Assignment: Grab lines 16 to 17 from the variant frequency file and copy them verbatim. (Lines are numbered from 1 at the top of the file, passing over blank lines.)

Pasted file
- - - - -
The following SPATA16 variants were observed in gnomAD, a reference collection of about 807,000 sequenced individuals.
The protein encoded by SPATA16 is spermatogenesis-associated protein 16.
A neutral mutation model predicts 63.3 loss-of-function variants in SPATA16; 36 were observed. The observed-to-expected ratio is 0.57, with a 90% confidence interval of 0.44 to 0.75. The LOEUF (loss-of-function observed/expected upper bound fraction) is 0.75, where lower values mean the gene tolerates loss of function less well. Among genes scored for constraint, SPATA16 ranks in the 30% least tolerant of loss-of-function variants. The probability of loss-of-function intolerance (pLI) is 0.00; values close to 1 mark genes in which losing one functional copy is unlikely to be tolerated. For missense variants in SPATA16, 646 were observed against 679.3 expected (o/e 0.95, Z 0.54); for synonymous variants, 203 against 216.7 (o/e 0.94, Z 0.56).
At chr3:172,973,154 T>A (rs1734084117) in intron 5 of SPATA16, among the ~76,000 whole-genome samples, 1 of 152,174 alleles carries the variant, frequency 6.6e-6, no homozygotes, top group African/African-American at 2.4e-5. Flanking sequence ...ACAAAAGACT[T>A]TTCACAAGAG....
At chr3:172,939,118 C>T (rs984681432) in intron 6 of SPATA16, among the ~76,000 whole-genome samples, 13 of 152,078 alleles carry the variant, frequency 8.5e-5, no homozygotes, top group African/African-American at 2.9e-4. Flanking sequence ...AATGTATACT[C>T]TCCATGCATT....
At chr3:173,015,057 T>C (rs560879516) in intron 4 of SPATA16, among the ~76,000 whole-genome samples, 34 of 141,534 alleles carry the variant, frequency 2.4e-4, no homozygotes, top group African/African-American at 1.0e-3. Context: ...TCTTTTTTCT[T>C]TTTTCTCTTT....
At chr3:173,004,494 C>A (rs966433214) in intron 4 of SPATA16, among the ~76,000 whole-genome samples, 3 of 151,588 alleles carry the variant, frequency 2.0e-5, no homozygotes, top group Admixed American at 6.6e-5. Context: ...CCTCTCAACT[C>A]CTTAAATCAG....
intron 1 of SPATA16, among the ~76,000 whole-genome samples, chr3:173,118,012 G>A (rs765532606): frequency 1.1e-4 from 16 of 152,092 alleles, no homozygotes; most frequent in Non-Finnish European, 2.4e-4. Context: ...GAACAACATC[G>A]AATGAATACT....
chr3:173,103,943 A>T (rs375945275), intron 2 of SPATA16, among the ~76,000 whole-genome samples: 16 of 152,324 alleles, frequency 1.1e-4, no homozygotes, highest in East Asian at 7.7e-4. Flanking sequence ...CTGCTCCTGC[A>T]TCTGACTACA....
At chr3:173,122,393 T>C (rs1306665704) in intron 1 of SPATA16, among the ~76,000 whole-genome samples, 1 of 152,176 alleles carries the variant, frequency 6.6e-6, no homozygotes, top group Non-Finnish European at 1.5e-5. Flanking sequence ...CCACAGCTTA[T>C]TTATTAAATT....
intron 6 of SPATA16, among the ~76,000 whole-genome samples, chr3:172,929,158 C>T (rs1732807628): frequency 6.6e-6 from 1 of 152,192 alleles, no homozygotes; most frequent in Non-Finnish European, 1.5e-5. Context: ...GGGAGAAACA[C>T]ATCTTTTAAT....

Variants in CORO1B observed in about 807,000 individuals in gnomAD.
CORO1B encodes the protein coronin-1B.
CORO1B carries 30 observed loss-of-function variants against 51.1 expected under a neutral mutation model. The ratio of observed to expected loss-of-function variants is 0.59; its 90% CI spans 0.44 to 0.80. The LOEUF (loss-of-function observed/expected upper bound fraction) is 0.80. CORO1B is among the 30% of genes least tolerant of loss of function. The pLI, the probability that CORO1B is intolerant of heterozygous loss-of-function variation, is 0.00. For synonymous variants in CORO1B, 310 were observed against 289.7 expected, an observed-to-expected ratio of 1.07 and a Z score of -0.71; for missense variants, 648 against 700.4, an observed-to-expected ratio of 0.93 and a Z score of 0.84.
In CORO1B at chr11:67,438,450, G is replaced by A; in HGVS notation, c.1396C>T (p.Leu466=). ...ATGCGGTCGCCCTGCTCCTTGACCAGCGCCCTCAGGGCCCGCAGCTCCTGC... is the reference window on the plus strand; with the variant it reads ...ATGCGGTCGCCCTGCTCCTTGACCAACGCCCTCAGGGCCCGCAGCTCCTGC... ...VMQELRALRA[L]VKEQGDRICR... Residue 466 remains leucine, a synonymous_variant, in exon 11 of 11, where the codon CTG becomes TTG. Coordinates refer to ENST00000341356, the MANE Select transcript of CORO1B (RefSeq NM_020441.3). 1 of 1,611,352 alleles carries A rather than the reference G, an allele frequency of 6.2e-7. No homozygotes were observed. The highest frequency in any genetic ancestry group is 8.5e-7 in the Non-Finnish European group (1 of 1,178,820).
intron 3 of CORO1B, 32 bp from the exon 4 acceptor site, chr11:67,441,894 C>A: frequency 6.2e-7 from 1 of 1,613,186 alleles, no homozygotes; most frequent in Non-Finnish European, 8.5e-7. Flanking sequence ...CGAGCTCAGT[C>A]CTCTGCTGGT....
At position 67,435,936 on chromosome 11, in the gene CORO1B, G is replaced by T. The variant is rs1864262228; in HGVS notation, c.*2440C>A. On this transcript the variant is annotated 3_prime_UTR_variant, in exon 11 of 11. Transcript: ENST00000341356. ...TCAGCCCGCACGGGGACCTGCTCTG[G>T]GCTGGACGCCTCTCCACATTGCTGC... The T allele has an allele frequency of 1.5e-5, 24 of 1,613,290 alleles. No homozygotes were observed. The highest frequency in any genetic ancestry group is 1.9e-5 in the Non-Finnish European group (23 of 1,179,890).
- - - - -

intron 3 of CORO1B, 32 bp from the exon 4 acceptor site, chr11:67,441,894 C>A: frequency 6.2e-7 from 1 of 1,613,186 alleles, no homozygotes; most frequent in Non-Finnish European, 8.5e-7. Flanking sequence ...CGAGCTCAGT[C>A]CTCTGCTGGT....
At position 67,435,936 on chromosome 11, in the gene CORO1B, G is replaced by T. The variant is rs1864262228; in HGVS notation, c.*2440C>A. On this transcript the variant is annotated 3_prime_UTR_variant, in exon 11 of 11. Transcript: ENST00000341356. ...TCAGCCCGCACGGGGACCTGCTCTG[G>T]GCTGGACGCCTCTCCACATTGCTGC... The T allele has an allele frequency of 1.5e-5, 24 of 1,613,290 alleles. No homozygotes were observed. The highest frequency in any genetic ancestry group is 1.9e-5 in the Non-Finnish European group (23 of 1,179,890).